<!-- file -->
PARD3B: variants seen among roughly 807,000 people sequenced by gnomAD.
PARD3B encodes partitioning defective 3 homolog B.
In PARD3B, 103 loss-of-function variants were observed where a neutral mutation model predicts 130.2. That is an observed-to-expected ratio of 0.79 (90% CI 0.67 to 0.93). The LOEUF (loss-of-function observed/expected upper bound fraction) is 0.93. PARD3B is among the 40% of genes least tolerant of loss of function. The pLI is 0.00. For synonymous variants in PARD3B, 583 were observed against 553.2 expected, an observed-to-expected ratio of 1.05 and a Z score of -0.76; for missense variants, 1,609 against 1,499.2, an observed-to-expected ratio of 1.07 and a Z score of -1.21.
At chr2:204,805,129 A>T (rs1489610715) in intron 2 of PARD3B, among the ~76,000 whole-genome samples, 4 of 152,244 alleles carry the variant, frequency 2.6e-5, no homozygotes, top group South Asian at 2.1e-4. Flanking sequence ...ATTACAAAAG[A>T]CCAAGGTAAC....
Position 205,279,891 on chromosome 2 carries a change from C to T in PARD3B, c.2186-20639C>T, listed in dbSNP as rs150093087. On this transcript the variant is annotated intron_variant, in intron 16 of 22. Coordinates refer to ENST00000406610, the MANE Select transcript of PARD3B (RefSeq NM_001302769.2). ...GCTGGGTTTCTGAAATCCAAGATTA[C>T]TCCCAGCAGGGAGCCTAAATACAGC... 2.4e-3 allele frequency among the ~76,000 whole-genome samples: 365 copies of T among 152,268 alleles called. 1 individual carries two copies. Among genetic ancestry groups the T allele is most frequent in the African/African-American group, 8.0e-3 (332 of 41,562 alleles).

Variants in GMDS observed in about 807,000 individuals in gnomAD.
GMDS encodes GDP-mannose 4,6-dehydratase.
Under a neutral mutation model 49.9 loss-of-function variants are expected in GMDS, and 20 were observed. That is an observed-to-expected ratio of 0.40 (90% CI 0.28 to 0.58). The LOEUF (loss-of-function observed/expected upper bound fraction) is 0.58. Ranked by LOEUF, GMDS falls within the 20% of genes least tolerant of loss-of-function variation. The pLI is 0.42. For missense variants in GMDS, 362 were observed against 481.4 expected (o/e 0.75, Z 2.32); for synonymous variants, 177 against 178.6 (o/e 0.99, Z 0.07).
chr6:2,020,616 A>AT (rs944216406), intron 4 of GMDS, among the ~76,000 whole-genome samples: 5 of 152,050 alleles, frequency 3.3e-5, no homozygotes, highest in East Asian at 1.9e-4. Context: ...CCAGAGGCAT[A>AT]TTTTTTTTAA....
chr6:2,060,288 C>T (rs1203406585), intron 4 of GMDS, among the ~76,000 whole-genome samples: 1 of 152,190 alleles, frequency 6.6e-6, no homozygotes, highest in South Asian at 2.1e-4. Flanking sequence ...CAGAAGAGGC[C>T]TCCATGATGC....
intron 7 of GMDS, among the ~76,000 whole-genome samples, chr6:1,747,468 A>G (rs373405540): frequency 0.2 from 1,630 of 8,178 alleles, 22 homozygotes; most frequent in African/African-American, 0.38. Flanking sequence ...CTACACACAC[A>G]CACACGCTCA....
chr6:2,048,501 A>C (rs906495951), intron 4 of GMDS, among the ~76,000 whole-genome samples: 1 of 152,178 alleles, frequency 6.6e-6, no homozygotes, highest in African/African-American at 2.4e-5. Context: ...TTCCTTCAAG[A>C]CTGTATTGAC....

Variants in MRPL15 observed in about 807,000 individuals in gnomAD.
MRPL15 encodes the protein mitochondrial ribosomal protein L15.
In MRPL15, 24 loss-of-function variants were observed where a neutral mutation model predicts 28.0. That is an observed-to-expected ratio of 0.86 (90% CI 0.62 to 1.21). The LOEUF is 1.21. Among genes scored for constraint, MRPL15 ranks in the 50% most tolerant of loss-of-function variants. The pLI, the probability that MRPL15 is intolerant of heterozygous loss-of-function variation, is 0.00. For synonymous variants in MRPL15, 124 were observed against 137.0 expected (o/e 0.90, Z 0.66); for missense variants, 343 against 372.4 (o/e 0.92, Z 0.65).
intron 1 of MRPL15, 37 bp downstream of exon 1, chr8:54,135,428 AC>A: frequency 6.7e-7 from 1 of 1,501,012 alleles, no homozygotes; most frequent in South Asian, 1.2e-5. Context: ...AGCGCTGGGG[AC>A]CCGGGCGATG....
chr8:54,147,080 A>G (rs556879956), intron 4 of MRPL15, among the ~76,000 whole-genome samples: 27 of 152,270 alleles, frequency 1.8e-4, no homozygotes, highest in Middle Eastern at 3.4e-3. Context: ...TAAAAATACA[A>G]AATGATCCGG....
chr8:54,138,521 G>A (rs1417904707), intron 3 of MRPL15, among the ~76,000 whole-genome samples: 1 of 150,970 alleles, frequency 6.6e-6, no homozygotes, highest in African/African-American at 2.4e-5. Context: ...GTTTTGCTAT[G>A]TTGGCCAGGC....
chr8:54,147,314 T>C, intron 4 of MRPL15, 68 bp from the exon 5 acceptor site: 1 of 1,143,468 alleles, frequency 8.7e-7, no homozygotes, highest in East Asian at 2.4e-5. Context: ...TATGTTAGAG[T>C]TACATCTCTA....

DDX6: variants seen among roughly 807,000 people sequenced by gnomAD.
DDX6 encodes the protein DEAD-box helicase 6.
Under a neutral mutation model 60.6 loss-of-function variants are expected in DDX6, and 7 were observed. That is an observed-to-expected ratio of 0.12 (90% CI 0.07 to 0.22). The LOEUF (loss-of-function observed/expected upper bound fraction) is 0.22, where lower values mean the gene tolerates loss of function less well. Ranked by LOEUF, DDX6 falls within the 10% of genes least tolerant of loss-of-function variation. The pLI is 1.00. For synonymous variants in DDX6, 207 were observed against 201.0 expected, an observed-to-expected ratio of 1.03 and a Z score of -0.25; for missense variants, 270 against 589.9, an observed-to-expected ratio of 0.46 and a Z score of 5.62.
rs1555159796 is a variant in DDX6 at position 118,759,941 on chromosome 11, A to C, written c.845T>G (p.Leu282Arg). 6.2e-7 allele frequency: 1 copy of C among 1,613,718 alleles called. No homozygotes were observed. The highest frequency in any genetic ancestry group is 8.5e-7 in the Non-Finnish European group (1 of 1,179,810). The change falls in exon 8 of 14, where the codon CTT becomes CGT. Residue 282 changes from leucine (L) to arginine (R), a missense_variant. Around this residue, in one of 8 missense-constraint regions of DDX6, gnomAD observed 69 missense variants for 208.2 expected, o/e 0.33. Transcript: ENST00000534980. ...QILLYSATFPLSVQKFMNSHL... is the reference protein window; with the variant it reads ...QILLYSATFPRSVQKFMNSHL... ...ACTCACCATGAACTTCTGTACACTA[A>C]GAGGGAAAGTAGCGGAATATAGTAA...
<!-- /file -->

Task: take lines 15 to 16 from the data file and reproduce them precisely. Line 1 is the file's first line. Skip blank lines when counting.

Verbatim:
In MRPL15, 24 loss-of-function variants were observed where a neutral mutation model predicts 28.0. That is an observed-to-expected ratio of 0.86 (90% CI 0.62 to 1.21). The LOEUF is 1.21. Among genes scored for constraint, MRPL15 ranks in the 50% most tolerant of loss-of-function variants. The pLI, the probability that MRPL15 is intolerant of heterozygous loss-of-function variation, is 0.00. For synonymous variants in MRPL15, 124 were observed against 137.0 expected (o/e 0.90, Z 0.66); for missense variants, 343 against 372.4 (o/e 0.92, Z 0.65).
intron 1 of MRPL15, 37 bp downstream of exon 1, chr8:54,135,428 AC>A: frequency 6.7e-7 from 1 of 1,501,012 alleles, no homozygotes; most frequent in South Asian, 1.2e-5. Context: ...AGCGCTGGGG[AC>A]CCGGGCGATG....